Fairy Tales (The Dark Side)
In her Master of Visual Arts research, Alice Jones examined the portrayal and treatment of women in fairy tales as it relates to the treatment of women in contemporary New Zealand. Fairy tales often reflect the experiences and preoccupations of women, especially women of a marriageable age. Alice's position is that the way women are viewed and portrayed historically is reflected in their social status and wellbeing in the present.
Alice Jones presents a modern interpretation of two fairy tales.
Part of the investigation involved researching and analysing relevant fairy tales from various aspects, including historical and feminist considerations. The work of theorists such as Jack Zipes, Marina Warner, Andrea Dworkin, and Clarissa Pinkola Este̒s provided evidence of the relevance of fairy tales to the lives of contemporary women. Alice also researched two aspects of abuse faced by women in contemporary New Zealand: intimate partner violence, and sexual assault. One in three New Zealand women experience intimate partner violence and one in four experience sexual assault. Additional research involved examining the work of feminist artists who used fairy tales for inspiration, and work by textile artists which provided inspiration for Alice's textile works. Women artists have made quilts both as art and as feminist symbols in order to address social injustice.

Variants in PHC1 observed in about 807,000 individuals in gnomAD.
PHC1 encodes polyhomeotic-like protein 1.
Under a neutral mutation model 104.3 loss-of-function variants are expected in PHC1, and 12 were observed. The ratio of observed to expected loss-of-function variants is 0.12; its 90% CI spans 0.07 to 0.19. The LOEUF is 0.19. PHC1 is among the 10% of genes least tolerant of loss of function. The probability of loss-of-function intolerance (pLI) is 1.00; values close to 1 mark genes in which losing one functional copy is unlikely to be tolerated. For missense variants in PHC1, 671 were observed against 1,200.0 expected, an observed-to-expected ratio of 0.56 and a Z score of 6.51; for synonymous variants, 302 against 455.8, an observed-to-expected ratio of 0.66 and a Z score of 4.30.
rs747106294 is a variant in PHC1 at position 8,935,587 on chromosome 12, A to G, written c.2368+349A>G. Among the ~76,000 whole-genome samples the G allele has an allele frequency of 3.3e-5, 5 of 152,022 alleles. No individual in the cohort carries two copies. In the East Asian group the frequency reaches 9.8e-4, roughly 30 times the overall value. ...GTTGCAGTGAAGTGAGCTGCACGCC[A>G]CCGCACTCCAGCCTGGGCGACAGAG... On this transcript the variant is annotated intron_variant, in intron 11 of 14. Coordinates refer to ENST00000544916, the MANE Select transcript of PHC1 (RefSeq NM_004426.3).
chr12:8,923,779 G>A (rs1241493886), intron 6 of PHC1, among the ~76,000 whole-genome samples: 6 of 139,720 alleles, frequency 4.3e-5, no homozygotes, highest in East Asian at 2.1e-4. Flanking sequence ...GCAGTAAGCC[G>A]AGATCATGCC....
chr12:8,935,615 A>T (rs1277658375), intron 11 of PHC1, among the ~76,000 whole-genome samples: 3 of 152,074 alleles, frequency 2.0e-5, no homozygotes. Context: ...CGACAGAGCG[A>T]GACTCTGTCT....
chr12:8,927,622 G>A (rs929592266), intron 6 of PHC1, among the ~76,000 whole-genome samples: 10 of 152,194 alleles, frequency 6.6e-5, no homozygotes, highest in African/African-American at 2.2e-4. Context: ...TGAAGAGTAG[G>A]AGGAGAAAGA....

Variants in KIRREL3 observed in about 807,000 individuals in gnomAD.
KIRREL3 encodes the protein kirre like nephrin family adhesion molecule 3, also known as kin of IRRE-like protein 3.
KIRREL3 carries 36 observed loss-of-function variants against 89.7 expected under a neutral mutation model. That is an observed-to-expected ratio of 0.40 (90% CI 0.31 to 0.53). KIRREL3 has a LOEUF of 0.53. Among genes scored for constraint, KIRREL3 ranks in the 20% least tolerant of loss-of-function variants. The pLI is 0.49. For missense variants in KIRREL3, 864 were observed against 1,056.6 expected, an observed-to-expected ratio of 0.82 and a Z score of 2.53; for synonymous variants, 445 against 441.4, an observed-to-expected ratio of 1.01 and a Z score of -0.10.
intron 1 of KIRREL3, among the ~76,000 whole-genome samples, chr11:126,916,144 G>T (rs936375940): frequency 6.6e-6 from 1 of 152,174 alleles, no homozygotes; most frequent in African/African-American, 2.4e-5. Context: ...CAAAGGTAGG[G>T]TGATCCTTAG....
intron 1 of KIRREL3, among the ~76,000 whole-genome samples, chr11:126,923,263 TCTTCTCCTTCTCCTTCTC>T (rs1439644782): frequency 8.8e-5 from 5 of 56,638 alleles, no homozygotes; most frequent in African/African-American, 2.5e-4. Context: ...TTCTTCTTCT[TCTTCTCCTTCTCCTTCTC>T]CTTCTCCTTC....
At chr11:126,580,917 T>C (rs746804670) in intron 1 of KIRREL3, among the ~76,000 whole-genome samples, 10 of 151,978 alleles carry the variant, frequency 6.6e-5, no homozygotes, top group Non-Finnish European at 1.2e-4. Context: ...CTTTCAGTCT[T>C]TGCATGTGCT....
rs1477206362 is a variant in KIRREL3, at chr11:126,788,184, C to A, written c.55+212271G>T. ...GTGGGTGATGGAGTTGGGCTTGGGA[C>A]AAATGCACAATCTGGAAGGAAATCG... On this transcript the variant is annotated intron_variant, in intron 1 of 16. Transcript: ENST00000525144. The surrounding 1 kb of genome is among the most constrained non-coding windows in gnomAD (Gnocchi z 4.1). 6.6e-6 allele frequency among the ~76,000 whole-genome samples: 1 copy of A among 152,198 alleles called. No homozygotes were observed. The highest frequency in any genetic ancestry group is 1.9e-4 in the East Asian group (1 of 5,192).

Two fairy tales formed the basis for Alice's research and inspiration for her art work. “Bluebeard”, by Charles Perrault, describes the tale of a murderous husband and was chosen for its relevance to the subject of intimate partner violence. Different versions of the “Sleeping Beauty” fairy tale provided insight into the issue of sexual assault. The artworks made by Alice, based on these fairy tales are a feminist response to intimate partner violence, and to sexual assault against women in contemporary New Zealand.